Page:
A snapshot is exactly what you would think it to be. In other words, it is the representation of an object at a specific point in time, which we expect to have a specific appearance in a test. In the end, we also test a snapshot in simple expectation definitions such as expect(actualNumber).toBe(expectedNumber), since the variable actualNumber is expected to have the value expectedNumber at this point in time. This line of code is easy to formulate, and it is easy to understand what is expected. And because of that, it is also clear what the problem is when the test fails. So why does Jest also offer a function called snapshot testing?

It really becomes interesting when the most popular matchers (such as the .toBe() mentioned above) reach their limits. This happens when we expect complete UI rendering results. Basically speaking, the aim is to ensure that an expected result is received after a certain data input at the html structure level. If one were to manually insert a complete, most likely exceedingly long, string that is expected, it would typically take quite a bit of time and lead to a difficult-to-read code. If this had to be edited, it would be very difficult to identify the part that is changing and adapt it correctly. To be able to carry out such tests in a way that does not take too long and is easy to maintain, Jest provides the matcher .toMatchSnapshot(). This could look something like the sample code below:

	it ( name: 'should render kpi card with difference', fn: () => {
	  kpiCardComponent.component.title = 'Besucher';
	  kpiCardComponent.component.value= 10000000;      
	  kpiCardComponent.component.difference= '10%';   
	  expect (kpiCardComponent.element).toMatchSnapshot ();

Jest uses a test renderer that saves the snapshot result in a file during the first test run. To do this, a folder called __snaphots__ is created at the test file level. A file with the name of the test file plus the extension .snap is added to this folder. This is what it would then look like in the project directory:

This is a simple text file that contains the description and the exported comparison value for each test. This could look something like this:

During each subsequent test run, the generated output is compared with this to determine whether there have been any unwanted changes. As you can see above, the test code remains lean with one line (expect(actualHtml).toMatchSnapshot()), and no extra work is required to generate the desired result.

If the test fails because the results of the comparison are negative, Jest highlights the location of the deviating code in the output. If desired changes take place and the reference snapshot needs to be updated, Jest can be launched using the -updateSnapshot flag. It is important that the snapshot file is committed and is part of your code review. Jest also provides a helping hand here, as the snapshot is automatically formatted so that it is easy to read for humans.

If you do not want the expected snapshot to be stored in a separate file, there is another option available. The Jest maker .toMatchInlineSnapshot() also compares a snapshot, though the snapshot is written directly into the parameter bracket of the matcher the first time it is run. This may result in the test file being very long, though the actual and target values can be read one after the other. Either way, it makes sense to agree on a path in the project to ensure that everyone can locate the snapshot quickly. In both cases, the code reviewer needs to make sure that the snapshot has been generated and committed in the file or inline.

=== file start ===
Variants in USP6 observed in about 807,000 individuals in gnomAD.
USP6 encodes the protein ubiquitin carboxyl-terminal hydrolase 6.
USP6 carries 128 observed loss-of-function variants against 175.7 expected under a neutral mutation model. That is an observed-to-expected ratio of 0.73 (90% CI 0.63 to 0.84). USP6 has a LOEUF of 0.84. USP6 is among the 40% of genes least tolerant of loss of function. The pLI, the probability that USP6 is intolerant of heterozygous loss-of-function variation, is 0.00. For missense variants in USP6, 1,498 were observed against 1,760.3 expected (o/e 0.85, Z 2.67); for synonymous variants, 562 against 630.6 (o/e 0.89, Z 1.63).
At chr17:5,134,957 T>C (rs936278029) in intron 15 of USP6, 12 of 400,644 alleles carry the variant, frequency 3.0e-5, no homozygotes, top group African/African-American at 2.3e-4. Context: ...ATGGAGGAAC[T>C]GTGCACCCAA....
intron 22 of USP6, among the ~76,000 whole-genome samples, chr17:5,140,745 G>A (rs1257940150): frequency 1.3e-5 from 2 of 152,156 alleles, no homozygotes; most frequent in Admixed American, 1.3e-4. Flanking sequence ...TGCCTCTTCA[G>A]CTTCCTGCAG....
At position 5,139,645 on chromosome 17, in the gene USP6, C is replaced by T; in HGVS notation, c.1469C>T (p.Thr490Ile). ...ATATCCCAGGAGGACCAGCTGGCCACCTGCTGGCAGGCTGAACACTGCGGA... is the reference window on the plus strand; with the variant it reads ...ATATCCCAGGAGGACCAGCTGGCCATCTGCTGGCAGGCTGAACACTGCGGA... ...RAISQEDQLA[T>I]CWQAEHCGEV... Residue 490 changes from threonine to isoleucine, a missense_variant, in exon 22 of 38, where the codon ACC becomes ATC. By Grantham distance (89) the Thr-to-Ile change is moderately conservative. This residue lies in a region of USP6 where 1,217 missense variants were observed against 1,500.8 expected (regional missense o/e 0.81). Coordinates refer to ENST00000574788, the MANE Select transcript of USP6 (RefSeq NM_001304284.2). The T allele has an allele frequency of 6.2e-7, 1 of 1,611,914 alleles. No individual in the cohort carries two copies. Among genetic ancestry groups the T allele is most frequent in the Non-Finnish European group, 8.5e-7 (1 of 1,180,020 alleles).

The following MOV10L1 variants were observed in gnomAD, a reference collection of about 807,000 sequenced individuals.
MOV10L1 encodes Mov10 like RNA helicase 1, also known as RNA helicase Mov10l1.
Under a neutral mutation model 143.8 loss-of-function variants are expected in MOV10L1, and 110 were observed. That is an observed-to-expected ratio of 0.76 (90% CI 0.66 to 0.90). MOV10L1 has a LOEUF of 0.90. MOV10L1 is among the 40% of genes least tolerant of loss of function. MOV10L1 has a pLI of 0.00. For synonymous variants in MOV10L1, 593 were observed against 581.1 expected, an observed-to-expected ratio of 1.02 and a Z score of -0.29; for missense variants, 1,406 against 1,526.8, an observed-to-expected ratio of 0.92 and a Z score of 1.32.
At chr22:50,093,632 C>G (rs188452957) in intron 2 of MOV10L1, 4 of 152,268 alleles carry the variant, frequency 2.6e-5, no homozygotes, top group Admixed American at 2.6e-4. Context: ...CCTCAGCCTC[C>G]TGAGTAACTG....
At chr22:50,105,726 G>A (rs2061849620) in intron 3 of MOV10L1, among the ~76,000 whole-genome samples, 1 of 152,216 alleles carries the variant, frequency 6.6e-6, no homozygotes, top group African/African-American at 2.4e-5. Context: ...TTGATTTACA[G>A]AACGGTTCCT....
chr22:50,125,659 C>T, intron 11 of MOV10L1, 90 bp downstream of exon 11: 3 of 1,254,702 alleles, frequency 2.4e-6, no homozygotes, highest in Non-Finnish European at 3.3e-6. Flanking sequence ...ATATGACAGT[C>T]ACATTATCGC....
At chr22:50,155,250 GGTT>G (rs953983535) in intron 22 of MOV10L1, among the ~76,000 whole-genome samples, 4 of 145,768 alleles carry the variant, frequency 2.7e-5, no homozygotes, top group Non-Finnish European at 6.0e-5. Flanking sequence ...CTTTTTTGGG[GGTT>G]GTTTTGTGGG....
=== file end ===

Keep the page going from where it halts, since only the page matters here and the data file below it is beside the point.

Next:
For more information on snapshot testing refer to the Jest documentation which you can find at


Choosing the right testing tools is certainly not easy. Instead of compiling your own test stack with a mocking and assertion library, potentially a watch plug-in, a coverage report tool and a test runner, Jest offers the all-inclusive comfort package. The aim of this blog post is not to describe the pros and cons of Jest as a testing framework. However, if you decide to deploy an external framework that is developed and offered by a large company like Facebook, you should also make sure you know all the benefits it has to offer and take advantage of them if they could be of use to you.

In our blog post, we have listed our personal top five Jest features that you may not have discovered for yourself yet. We hope you have lots of fun trying them out for yourself.

Would you like to find out more about exciting topics from the world of adesso? Then take a look at our previous blog posts.

Picture Franziska Scheeben

Author Franziska Scheeben

Franziska Scheeben is a software developer at adesso in the areas of health and life sciences. She is a full-stack developer focussing on web applications in the Angular and Spring context. In order to develop high-quality software, extensive and above all meaningful tests are an essential building block for her.

Picture Milena Fluck

Author Milena Fluck

Milena Fluck has been a software engineer at adesso since 2020 and has extensive project experience in the healthcare sector. Her current focus is on the use of JavaScript and TypeScript for front- and back-end development. She favours test-driven development. Of course, meaningful unit tests are a must.